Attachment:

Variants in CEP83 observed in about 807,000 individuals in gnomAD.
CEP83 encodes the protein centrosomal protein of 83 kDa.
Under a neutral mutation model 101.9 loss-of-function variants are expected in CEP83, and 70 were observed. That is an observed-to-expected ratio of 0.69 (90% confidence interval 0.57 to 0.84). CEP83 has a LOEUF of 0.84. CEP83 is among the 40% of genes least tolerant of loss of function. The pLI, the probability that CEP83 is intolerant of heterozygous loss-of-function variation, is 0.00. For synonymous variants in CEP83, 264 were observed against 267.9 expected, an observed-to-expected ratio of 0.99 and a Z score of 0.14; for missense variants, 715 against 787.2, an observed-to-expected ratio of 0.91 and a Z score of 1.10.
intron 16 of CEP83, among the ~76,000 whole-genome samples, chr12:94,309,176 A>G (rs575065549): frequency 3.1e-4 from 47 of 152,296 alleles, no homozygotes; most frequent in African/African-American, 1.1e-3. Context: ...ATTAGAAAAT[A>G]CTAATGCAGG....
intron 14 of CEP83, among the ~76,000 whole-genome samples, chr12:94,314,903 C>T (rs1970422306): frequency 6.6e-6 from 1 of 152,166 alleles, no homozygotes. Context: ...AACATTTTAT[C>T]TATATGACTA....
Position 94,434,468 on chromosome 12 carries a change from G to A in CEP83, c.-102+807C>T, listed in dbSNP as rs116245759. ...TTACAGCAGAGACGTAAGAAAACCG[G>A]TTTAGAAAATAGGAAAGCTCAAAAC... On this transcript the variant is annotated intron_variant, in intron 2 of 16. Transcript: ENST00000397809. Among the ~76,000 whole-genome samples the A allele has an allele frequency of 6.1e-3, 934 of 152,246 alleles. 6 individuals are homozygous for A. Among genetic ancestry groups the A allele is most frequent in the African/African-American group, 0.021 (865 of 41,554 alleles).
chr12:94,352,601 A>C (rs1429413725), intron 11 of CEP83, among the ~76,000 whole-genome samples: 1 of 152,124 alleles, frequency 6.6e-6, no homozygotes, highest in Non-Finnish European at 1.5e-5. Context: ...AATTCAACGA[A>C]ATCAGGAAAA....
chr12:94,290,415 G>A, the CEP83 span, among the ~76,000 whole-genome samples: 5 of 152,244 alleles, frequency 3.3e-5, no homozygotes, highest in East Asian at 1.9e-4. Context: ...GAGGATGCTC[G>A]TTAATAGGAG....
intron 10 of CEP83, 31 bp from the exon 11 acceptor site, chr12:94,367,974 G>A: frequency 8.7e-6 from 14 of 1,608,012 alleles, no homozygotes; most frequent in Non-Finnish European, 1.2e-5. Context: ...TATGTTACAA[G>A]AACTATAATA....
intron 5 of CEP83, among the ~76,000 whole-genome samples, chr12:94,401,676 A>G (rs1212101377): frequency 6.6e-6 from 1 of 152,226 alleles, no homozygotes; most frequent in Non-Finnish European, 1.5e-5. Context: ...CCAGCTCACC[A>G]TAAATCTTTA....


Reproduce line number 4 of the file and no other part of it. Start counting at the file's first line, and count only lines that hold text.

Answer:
intron 16 of CEP83, among the ~76,000 whole-genome samples, chr12:94,309,176 A>G (rs575065549): frequency 3.1e-4 from 47 of 152,296 alleles, no homozygotes; most frequent in African/African-American, 1.1e-3. Context: ...ATTAGAAAAT[A>G]CTAATGCAGG....